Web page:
However, the prevalence of run-of-river generation stations in Nepal will also continue to result in power surpluses during the monsoon and power deficits during the dry season; and this will require the country to rely on cross-border markets during both seasons.
According to current projections made by studies conducted at the NEA, and taking into account the commissioning of new generation projects in different timeframes into the future, the installed generation capacity to be added to Nepal’s system is estimated to be 851.5 megawatts for the fiscal year 2021-22, 705.4 megawatts for 2022-23, 706.8 megawatts for 2023-24, 551.1 megawatts for 2024-25, 787.2 megawatts for 2025-26, and 976.7 megawatts for 2026-27.
According to forecasts made by the NEA, Nepal’s energy requirement for fiscal 2022-23 will reach 11,258 million units with a corresponding peak load of 1,977 megawatts, whereas maximum power and net energy exports for the fiscal year under NEA simulations will be approximately 613 megawatts and 3,036 million units respectively.
The simulation further shows that within three years, Nepal will, for the first time, be exclusively an exporter of power without any need to import power during the dry season. By fiscal 2025-26, Nepal will have 2,456 megawatts of maximum surplus power and 14,022 million units of annual surplus energy available for export.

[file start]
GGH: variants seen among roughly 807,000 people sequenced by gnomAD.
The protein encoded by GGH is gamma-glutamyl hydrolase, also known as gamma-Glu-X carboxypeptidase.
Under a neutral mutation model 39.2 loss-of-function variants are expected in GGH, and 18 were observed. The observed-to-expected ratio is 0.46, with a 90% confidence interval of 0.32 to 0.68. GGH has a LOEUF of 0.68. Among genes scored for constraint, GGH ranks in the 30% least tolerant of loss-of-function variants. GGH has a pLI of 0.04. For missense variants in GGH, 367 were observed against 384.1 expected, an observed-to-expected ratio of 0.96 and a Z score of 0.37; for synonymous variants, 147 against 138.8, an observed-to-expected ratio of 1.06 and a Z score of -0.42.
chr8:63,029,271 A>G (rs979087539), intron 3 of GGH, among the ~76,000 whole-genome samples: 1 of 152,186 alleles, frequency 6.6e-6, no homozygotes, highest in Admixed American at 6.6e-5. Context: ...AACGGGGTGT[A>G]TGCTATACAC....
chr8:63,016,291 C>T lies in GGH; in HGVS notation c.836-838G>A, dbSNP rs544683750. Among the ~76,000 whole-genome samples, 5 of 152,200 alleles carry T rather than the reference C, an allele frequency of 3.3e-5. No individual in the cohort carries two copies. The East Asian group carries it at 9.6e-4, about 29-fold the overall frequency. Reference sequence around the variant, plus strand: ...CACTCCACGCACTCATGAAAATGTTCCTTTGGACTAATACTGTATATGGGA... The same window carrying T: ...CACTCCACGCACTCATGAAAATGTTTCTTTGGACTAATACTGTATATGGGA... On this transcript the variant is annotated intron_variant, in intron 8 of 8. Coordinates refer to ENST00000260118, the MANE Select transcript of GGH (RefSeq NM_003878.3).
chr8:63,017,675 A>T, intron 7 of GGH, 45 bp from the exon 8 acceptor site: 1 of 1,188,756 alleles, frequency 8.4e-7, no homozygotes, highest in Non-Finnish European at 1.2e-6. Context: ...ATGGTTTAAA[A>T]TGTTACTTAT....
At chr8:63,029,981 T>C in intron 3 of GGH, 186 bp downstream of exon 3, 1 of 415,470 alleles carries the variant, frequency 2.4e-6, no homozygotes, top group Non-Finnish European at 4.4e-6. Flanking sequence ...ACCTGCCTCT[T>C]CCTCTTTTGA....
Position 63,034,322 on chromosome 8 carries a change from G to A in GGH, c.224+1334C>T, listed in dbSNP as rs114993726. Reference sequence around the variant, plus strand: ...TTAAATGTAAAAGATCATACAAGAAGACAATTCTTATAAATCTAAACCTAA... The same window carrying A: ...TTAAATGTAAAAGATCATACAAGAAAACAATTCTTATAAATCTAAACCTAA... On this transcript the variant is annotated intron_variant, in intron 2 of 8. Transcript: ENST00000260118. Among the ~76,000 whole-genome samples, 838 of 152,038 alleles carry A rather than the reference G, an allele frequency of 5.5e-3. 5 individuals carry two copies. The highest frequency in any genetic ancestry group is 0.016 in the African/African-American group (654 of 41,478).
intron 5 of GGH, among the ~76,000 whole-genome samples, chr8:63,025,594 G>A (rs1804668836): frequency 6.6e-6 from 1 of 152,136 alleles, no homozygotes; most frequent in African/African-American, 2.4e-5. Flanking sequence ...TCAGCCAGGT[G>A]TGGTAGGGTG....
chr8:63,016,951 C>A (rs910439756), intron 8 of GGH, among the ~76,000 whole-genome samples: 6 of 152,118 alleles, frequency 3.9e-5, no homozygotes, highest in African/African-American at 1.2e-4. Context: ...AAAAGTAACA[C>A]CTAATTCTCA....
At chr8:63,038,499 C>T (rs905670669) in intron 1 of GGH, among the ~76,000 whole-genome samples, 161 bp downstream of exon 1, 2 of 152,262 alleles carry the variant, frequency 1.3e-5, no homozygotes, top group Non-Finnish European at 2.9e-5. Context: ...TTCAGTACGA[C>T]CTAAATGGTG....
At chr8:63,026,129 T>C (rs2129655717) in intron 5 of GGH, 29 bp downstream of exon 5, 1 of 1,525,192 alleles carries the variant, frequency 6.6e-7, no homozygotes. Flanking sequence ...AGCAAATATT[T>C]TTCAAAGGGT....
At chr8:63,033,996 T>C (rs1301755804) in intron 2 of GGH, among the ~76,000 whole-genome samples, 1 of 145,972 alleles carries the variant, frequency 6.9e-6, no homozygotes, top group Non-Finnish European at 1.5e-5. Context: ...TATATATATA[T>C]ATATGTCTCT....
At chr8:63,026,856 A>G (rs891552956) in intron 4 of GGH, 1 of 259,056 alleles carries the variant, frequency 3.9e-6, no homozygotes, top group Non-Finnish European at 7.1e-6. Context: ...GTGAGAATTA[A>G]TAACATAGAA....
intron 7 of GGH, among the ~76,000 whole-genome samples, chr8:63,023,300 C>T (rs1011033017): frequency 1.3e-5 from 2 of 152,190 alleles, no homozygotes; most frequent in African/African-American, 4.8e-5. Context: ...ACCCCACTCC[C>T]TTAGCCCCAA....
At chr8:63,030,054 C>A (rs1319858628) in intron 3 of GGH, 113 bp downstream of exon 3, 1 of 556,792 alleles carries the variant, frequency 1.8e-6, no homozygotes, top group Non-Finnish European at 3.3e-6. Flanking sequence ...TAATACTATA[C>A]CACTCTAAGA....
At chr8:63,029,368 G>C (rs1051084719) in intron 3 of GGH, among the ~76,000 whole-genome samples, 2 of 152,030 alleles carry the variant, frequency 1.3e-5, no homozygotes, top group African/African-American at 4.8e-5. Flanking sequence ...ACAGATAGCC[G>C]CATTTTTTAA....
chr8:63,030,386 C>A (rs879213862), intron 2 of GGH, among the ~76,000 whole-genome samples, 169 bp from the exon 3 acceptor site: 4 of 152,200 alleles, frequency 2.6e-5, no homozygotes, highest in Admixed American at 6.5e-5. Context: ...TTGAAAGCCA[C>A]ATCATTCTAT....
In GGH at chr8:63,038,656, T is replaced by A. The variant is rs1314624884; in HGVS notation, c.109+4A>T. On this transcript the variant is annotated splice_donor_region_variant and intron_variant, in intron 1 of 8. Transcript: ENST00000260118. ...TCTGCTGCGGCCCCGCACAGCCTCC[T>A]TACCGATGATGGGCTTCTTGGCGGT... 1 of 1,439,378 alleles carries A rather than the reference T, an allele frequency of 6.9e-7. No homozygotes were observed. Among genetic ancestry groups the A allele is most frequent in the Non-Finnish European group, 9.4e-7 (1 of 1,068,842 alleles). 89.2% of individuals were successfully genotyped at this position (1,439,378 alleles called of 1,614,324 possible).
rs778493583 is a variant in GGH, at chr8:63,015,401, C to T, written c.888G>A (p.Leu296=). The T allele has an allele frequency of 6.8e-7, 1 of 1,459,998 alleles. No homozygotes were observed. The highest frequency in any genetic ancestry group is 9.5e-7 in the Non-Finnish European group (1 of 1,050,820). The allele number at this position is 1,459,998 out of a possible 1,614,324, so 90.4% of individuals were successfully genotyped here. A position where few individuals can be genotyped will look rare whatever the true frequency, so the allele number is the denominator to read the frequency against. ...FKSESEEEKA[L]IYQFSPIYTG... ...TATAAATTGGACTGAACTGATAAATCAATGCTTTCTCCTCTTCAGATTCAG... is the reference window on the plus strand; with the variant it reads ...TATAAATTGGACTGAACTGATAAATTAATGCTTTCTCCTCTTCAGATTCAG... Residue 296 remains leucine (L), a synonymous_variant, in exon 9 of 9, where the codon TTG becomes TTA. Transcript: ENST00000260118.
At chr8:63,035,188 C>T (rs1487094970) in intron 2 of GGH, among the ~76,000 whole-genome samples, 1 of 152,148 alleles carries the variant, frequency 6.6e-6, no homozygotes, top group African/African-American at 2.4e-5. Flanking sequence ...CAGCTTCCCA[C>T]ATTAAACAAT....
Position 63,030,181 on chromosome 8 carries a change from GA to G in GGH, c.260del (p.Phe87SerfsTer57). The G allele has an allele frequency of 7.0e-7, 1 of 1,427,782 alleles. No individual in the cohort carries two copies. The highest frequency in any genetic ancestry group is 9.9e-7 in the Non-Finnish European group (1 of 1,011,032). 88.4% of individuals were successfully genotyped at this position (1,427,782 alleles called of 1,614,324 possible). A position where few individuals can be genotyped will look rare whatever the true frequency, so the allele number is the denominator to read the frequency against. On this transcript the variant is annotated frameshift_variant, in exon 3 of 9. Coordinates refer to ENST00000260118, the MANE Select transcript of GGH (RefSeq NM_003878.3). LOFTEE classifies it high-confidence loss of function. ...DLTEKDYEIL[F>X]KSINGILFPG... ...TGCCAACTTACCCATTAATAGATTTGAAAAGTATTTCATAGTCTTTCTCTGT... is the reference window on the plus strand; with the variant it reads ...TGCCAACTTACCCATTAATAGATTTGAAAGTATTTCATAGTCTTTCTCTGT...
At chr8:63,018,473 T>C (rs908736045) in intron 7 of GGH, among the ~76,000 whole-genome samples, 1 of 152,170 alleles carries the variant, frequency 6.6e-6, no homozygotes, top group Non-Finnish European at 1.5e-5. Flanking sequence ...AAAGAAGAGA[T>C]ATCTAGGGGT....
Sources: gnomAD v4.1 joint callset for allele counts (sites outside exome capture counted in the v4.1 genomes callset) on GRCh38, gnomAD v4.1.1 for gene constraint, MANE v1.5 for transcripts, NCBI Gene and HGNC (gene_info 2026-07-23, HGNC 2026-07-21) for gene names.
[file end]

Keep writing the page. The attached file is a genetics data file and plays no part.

However, as things currently stand, the existing cross-border transmission capacity will not be sufficient to carry this power–a second quad moose-based 400 kV cross-border transmission line between Nepal and India, Butwal-Gorakhpur, will need to be constructed.
All the above-cited encouraging statistics, however, come with caveats. The issue of exporting electricity to other countries has raised one of the Nepal’s most contentious debates just at the moment when the country is approaching prosperity’s crossroads. The issue can be easily grasped. Should Nepal strive to be energy independent, or should its goal be to achieve energy security by adopting a policy of interdependence with its South Asian neighbours?
Those who dissent from a policy of electricity exports must be persuaded to endorse the following self-evident truths. First, as a qualitative matter, energy security through cross-border trading is a far better outcome than energy independence because it is less expensive to achieve and because it offers opportunities to enrich the entire region while continuing to grow the local economy.
Second, Nepal will suffer irreplaceable revenue losses if it fails to access export market opportunities. Third, the choice not to export power only makes sense when the country making that choice is able to increase domestic demand to consume all the power it can produce.
While it goes without saying that one of Nepal’s top priorities should be greatly to increase the domestic consumption of clean energy, including with appropriate policy intervention measures, it is also patently evident that the country will never be able to absorb its bounty of generation potential domestically.
Rather than adopting a beggar thy neighbour policy, Nepal should use its excess power to prosper itself as well as the entire region—financially and environmentally.